Upstairs Downton – The Improvised Episode

Upstairs Downton – The Improvised Episode opens with the ordinarily subdued theme tune to ITV's massively popular period drama, Downton Abbey, played on kazoos and a recorder. It's an appropriately irreverent rendition which sets the scene for what's to come: an affectionate parody, and mash up, of Downton Abbey and Upstairs Downstairs (the former's less-celebrated, BBC-produced predecessor).

An affectionate parody, and mash up, of Downton Abbey and Upstairs Downstairs

The farce's tagline, 'just like telly, only made up' is only partially accurate because, although the small screen versions of Upstairs Downstairs and Downton Abbey contain some moments of levity, more often than not, they lean towards the melodramatic. But The Highly Irregular's stage interpretation attempts to play for laughs.

Each episode is improvised and based on suggestions from the audience. In this instance, what they come up with is Duarte McDonald – who's designated as an upstairs character – in The Episode With The Pet Squirrel. What ensues is a daft and dodgily structured tale of forbidden love between McDonald and Bunty, his bushy-tailed, rodent companion.

The cast of four switch between a range of disappointingly time-worn characters e.g. the dim maid, the idiotic Lord and the acerbic, elderly matriarch. But Simon Lukacs is engaging as the long-suffering butler, with an oatcake-dry sense of humour, who's forced to witness his hapless master's quest for romance.

In amongst all the toing and froing and scenes which don't seem entirely off the cuff, there are couple of smile-raising comments which gently mock, and so draw attention to the fact that each of member of the cast is playing multiple characters. There are also some humorous, and knowing, references to the uneasy coexistence of grey squirrels and their indigenous red brethren.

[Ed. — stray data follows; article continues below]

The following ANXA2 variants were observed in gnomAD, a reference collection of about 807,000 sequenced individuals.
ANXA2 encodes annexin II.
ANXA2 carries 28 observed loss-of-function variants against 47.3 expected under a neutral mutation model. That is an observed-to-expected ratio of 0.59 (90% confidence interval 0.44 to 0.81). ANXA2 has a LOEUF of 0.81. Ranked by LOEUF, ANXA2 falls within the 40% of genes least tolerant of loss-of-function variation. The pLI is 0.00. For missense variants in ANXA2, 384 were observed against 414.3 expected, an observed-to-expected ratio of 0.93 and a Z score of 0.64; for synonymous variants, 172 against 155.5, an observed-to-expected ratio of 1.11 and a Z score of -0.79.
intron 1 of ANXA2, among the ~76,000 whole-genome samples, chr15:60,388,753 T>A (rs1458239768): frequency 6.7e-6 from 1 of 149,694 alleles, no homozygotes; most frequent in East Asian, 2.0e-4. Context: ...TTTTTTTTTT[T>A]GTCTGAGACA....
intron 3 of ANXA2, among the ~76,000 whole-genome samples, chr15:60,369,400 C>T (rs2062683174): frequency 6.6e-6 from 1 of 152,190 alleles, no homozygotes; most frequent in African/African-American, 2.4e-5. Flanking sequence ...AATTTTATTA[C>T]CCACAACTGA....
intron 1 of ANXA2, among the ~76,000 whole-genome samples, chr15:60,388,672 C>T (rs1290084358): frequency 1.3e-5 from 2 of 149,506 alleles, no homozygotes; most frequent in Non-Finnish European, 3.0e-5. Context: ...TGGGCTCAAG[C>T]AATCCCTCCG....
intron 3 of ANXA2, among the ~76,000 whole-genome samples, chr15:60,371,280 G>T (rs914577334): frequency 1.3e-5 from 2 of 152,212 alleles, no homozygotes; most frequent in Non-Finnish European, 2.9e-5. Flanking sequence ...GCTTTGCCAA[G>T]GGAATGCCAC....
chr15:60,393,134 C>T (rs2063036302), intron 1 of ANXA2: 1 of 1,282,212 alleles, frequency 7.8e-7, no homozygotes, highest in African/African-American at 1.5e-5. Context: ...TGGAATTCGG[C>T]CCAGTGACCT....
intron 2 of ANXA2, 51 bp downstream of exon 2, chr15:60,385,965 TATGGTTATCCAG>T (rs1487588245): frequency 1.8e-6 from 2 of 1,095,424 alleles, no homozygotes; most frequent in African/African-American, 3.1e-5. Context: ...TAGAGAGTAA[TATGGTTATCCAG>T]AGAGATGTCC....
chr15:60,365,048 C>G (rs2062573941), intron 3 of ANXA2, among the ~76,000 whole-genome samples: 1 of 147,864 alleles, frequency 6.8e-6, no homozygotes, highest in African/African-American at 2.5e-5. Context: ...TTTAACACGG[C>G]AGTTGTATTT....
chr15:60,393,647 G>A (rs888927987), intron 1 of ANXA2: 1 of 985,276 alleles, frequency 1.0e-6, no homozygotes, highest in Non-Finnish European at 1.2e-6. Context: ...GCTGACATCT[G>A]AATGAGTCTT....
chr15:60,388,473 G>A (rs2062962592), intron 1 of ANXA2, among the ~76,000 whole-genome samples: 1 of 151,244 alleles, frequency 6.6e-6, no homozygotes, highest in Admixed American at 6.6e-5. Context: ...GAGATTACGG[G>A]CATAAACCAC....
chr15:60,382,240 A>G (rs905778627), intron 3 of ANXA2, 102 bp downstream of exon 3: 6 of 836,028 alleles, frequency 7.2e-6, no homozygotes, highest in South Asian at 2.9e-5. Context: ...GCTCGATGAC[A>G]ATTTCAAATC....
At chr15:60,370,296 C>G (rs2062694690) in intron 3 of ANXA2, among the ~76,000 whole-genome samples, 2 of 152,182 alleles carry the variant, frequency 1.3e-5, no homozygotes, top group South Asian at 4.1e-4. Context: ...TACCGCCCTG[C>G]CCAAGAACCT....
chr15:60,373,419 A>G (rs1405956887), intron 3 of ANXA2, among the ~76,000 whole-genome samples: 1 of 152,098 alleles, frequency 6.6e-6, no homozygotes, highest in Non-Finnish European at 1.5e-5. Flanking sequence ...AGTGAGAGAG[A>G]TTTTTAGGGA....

The quartet make the most of the tiny stage, and do their best with the bizarre episode title that they've been given. But it's hard to get away from the feeling that, despite their spirited performances, there isn't really enough substance to fill a whole hour.

Reviews by Dawn Kofie

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The Blurb

‘Sparkling, satirical wit’ ***** ( ‘Brilliantly farcical and funny’ **** (Reading Post). A rip-roaring improvised episode of everyone’s favourite period drama, created entirely from your suggestions. Expect strange stories of subterfuge, greed and spoilt souffles. Daft plot twists, silly hats and sillier accents. Just like on telly. Only made up. Sell-out show 2013-2014!

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